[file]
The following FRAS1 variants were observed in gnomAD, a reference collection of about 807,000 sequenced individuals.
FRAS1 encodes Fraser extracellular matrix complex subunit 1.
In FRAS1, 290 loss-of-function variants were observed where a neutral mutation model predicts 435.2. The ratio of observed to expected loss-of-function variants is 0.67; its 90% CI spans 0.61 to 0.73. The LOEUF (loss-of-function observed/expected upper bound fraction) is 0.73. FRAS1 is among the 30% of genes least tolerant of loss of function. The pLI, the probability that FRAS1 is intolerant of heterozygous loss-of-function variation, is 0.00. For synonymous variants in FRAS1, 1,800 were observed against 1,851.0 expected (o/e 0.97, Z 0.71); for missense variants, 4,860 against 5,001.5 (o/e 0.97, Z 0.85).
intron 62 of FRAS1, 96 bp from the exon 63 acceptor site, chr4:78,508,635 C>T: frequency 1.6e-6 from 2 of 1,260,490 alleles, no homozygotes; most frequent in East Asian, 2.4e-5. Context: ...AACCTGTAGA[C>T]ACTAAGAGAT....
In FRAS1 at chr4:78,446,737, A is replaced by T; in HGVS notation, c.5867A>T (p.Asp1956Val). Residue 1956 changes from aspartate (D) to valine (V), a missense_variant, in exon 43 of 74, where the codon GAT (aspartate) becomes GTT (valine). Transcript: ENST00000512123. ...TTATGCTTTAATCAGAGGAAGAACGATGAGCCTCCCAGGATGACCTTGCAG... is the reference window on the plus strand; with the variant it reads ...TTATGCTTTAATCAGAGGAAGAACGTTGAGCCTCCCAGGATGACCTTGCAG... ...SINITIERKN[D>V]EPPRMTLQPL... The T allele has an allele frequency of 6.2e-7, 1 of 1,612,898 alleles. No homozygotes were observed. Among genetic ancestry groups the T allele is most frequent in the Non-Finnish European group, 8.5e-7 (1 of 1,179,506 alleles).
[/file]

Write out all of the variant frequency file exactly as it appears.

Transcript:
The following FRAS1 variants were observed in gnomAD, a reference collection of about 807,000 sequenced individuals.
FRAS1 encodes Fraser extracellular matrix complex subunit 1.
In FRAS1, 290 loss-of-function variants were observed where a neutral mutation model predicts 435.2. The ratio of observed to expected loss-of-function variants is 0.67; its 90% CI spans 0.61 to 0.73. The LOEUF (loss-of-function observed/expected upper bound fraction) is 0.73. FRAS1 is among the 30% of genes least tolerant of loss of function. The pLI, the probability that FRAS1 is intolerant of heterozygous loss-of-function variation, is 0.00. For synonymous variants in FRAS1, 1,800 were observed against 1,851.0 expected (o/e 0.97, Z 0.71); for missense variants, 4,860 against 5,001.5 (o/e 0.97, Z 0.85).
intron 62 of FRAS1, 96 bp from the exon 63 acceptor site, chr4:78,508,635 C>T: frequency 1.6e-6 from 2 of 1,260,490 alleles, no homozygotes; most frequent in East Asian, 2.4e-5. Context: ...AACCTGTAGA[C>T]ACTAAGAGAT....
In FRAS1 at chr4:78,446,737, A is replaced by T; in HGVS notation, c.5867A>T (p.Asp1956Val). Residue 1956 changes from aspartate (D) to valine (V), a missense_variant, in exon 43 of 74, where the codon GAT (aspartate) becomes GTT (valine). Transcript: ENST00000512123. ...TTATGCTTTAATCAGAGGAAGAACGATGAGCCTCCCAGGATGACCTTGCAG... is the reference window on the plus strand; with the variant it reads ...TTATGCTTTAATCAGAGGAAGAACGTTGAGCCTCCCAGGATGACCTTGCAG... ...SINITIERKN[D>V]EPPRMTLQPL... The T allele has an allele frequency of 6.2e-7, 1 of 1,612,898 alleles. No homozygotes were observed. Among genetic ancestry groups the T allele is most frequent in the Non-Finnish European group, 8.5e-7 (1 of 1,179,506 alleles).